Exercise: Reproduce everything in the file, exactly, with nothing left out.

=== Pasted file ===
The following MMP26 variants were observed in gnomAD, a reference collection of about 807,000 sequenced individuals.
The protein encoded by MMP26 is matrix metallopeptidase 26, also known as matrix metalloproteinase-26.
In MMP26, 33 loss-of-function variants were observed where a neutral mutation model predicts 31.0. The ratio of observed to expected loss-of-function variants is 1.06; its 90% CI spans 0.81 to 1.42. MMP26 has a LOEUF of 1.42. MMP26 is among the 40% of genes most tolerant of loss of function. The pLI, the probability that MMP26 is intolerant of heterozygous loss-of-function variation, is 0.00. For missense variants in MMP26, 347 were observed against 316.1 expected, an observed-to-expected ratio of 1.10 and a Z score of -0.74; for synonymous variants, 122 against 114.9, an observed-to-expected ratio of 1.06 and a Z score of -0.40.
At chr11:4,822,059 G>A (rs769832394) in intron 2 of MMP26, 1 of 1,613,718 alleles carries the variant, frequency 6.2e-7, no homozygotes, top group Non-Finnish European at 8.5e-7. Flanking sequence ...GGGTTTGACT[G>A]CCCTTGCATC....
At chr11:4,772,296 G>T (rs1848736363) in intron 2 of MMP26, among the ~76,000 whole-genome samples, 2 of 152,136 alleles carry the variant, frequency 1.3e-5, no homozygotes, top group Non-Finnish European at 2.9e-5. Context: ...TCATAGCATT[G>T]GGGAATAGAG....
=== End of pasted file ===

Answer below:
The following MMP26 variants were observed in gnomAD, a reference collection of about 807,000 sequenced individuals.
The protein encoded by MMP26 is matrix metallopeptidase 26, also known as matrix metalloproteinase-26.
In MMP26, 33 loss-of-function variants were observed where a neutral mutation model predicts 31.0. The ratio of observed to expected loss-of-function variants is 1.06; its 90% CI spans 0.81 to 1.42. MMP26 has a LOEUF of 1.42. MMP26 is among the 40% of genes most tolerant of loss of function. The pLI, the probability that MMP26 is intolerant of heterozygous loss-of-function variation, is 0.00. For missense variants in MMP26, 347 were observed against 316.1 expected, an observed-to-expected ratio of 1.10 and a Z score of -0.74; for synonymous variants, 122 against 114.9, an observed-to-expected ratio of 1.06 and a Z score of -0.40.
At chr11:4,822,059 G>A (rs769832394) in intron 2 of MMP26, 1 of 1,613,718 alleles carries the variant, frequency 6.2e-7, no homozygotes, top group Non-Finnish European at 8.5e-7. Flanking sequence ...GGGTTTGACT[G>A]CCCTTGCATC....
At chr11:4,772,296 G>T (rs1848736363) in intron 2 of MMP26, among the ~76,000 whole-genome samples, 2 of 152,136 alleles carry the variant, frequency 1.3e-5, no homozygotes, top group Non-Finnish European at 2.9e-5. Context: ...TCATAGCATT[G>T]GGGAATAGAG....